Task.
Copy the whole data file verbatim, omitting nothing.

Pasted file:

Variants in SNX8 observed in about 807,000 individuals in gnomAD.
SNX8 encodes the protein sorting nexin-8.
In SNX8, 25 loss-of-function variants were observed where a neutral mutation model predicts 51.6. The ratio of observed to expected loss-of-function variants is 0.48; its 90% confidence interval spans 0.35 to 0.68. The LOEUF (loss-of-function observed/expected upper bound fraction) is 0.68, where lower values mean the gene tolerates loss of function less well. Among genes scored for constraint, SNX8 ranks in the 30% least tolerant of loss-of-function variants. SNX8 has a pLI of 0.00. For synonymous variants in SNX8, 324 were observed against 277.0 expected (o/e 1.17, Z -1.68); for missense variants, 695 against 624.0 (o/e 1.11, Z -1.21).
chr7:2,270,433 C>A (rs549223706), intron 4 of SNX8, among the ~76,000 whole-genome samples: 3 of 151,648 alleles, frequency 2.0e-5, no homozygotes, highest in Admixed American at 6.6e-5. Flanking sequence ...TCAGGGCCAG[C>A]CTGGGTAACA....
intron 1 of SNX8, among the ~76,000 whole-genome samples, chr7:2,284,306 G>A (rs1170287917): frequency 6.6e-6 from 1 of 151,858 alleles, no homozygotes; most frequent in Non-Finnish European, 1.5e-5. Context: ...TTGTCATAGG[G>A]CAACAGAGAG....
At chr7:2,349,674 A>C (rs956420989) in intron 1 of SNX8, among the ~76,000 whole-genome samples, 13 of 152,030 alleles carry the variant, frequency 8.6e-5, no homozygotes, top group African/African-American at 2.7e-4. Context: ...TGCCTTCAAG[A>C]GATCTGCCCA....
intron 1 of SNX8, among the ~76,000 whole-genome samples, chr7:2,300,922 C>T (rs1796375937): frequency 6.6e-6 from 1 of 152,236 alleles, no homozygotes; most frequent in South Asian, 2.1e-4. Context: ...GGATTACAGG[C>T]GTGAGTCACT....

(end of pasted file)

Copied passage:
Variants in SNX8 observed in about 807,000 individuals in gnomAD.
SNX8 encodes the protein sorting nexin-8.
In SNX8, 25 loss-of-function variants were observed where a neutral mutation model predicts 51.6. The ratio of observed to expected loss-of-function variants is 0.48; its 90% confidence interval spans 0.35 to 0.68. The LOEUF (loss-of-function observed/expected upper bound fraction) is 0.68, where lower values mean the gene tolerates loss of function less well. Among genes scored for constraint, SNX8 ranks in the 30% least tolerant of loss-of-function variants. SNX8 has a pLI of 0.00. For synonymous variants in SNX8, 324 were observed against 277.0 expected (o/e 1.17, Z -1.68); for missense variants, 695 against 624.0 (o/e 1.11, Z -1.21).
chr7:2,270,433 C>A (rs549223706), intron 4 of SNX8, among the ~76,000 whole-genome samples: 3 of 151,648 alleles, frequency 2.0e-5, no homozygotes, highest in Admixed American at 6.6e-5. Flanking sequence ...TCAGGGCCAG[C>A]CTGGGTAACA....
intron 1 of SNX8, among the ~76,000 whole-genome samples, chr7:2,284,306 G>A (rs1170287917): frequency 6.6e-6 from 1 of 151,858 alleles, no homozygotes; most frequent in Non-Finnish European, 1.5e-5. Context: ...TTGTCATAGG[G>A]CAACAGAGAG....
At chr7:2,349,674 A>C (rs956420989) in intron 1 of SNX8, among the ~76,000 whole-genome samples, 13 of 152,030 alleles carry the variant, frequency 8.6e-5, no homozygotes, top group African/African-American at 2.7e-4. Context: ...TGCCTTCAAG[A>C]GATCTGCCCA....
intron 1 of SNX8, among the ~76,000 whole-genome samples, chr7:2,300,922 C>T (rs1796375937): frequency 6.6e-6 from 1 of 152,236 alleles, no homozygotes; most frequent in South Asian, 2.1e-4. Context: ...GGATTACAGG[C>T]GTGAGTCACT....